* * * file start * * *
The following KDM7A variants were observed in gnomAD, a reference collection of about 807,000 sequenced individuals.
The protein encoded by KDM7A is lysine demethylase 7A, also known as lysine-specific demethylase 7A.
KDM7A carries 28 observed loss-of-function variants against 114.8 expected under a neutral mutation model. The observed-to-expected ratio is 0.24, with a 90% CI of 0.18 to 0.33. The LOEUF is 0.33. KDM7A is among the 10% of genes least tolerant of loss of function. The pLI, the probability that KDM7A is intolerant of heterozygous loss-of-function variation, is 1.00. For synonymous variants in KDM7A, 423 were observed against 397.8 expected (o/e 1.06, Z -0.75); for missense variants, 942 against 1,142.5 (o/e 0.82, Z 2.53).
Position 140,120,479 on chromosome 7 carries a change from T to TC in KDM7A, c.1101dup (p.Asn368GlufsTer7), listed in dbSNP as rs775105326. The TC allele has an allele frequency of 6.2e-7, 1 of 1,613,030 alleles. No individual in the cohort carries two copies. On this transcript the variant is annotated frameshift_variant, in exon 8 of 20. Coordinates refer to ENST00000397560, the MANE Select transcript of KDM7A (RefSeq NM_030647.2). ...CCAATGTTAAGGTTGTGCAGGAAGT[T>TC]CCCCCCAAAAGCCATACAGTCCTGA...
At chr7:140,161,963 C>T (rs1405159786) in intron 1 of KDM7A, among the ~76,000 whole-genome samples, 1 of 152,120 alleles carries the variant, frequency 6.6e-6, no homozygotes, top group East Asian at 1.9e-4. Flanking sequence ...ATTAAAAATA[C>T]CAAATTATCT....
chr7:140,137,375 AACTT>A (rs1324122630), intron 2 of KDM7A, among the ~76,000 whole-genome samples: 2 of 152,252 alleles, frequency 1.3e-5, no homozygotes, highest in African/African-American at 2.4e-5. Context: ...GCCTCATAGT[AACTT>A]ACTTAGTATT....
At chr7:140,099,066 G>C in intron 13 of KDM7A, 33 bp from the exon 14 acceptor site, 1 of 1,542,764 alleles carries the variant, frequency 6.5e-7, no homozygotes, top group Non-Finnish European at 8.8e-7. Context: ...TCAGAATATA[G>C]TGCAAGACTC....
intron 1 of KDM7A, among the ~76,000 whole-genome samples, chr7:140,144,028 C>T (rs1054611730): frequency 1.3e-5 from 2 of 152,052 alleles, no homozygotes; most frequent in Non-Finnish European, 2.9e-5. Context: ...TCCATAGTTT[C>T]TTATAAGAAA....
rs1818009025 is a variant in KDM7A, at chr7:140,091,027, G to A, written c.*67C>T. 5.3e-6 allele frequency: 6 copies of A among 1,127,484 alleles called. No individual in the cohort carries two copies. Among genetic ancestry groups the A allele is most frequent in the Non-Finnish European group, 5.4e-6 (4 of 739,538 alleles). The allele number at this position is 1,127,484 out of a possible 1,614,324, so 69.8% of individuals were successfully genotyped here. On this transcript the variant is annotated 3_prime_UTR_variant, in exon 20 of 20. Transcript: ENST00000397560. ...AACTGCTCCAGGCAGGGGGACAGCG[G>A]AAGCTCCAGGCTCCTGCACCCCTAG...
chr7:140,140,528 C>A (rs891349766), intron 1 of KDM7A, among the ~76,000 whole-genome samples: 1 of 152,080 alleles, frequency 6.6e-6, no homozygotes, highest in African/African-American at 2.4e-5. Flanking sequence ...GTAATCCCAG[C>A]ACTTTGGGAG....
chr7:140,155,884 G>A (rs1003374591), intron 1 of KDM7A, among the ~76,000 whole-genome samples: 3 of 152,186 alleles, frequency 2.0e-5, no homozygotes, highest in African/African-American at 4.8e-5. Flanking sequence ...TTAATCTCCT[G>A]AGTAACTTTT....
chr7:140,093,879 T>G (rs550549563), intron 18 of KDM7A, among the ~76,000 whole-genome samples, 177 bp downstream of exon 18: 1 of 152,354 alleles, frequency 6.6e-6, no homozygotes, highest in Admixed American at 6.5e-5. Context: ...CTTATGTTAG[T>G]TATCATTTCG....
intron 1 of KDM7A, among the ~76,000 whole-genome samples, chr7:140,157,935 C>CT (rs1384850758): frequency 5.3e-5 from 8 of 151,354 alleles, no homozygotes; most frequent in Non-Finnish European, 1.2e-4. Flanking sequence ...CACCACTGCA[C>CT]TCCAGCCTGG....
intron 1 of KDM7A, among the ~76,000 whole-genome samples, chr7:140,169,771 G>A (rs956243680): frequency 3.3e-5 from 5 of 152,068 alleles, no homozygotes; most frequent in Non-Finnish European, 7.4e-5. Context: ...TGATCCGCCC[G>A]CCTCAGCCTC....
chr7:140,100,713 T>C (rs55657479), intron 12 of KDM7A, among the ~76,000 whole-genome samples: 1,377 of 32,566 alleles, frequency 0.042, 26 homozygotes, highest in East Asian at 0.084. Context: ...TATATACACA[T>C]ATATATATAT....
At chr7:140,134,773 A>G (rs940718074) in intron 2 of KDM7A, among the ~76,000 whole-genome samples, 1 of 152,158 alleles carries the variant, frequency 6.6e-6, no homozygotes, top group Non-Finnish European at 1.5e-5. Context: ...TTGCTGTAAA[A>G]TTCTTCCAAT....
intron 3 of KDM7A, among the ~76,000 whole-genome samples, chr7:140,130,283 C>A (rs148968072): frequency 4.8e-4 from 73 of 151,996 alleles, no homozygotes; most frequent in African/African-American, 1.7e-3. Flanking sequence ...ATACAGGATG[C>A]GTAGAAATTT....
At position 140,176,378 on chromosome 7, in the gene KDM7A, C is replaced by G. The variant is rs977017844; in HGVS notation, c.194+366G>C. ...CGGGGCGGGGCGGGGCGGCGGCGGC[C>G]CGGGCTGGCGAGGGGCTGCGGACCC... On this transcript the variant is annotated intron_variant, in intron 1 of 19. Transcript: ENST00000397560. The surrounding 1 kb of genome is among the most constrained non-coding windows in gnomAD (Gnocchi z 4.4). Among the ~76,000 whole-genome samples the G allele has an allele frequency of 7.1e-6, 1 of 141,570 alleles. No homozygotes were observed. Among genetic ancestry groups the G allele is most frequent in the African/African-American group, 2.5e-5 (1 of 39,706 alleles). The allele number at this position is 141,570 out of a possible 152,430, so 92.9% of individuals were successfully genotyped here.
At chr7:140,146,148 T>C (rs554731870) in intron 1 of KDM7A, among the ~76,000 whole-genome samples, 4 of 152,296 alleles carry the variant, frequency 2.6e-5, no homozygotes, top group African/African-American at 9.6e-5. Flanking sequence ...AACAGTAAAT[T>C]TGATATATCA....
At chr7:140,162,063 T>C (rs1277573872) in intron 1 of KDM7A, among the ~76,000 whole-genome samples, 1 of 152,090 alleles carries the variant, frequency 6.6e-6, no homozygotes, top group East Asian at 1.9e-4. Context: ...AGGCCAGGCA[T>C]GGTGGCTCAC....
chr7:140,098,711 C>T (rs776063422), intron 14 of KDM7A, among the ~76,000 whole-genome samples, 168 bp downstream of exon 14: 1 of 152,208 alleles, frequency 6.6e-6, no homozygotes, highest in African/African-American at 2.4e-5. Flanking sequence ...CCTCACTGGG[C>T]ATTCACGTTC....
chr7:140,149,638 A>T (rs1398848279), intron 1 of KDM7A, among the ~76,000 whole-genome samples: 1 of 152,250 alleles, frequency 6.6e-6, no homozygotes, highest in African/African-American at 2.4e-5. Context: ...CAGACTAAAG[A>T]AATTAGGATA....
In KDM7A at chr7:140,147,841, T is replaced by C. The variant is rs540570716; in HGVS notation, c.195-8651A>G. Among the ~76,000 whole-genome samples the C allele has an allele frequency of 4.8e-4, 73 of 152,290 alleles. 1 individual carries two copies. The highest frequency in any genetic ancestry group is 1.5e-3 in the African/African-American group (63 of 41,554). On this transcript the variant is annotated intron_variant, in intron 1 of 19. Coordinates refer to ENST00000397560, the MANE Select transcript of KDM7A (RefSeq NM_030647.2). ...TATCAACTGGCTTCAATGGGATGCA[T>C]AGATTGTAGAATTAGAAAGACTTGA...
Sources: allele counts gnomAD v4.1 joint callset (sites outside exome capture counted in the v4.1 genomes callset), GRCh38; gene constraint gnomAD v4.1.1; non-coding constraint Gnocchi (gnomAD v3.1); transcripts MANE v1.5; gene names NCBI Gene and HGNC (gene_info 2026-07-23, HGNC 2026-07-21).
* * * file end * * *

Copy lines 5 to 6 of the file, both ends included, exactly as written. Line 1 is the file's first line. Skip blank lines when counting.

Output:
At chr7:140,161,963 C>T (rs1405159786) in intron 1 of KDM7A, among the ~76,000 whole-genome samples, 1 of 152,120 alleles carries the variant, frequency 6.6e-6, no homozygotes, top group East Asian at 1.9e-4. Flanking sequence ...ATTAAAAATA[C>T]CAAATTATCT....
chr7:140,137,375 AACTT>A (rs1324122630), intron 2 of KDM7A, among the ~76,000 whole-genome samples: 2 of 152,252 alleles, frequency 1.3e-5, no homozygotes, highest in African/African-American at 2.4e-5. Context: ...GCCTCATAGT[AACTT>A]ACTTAGTATT....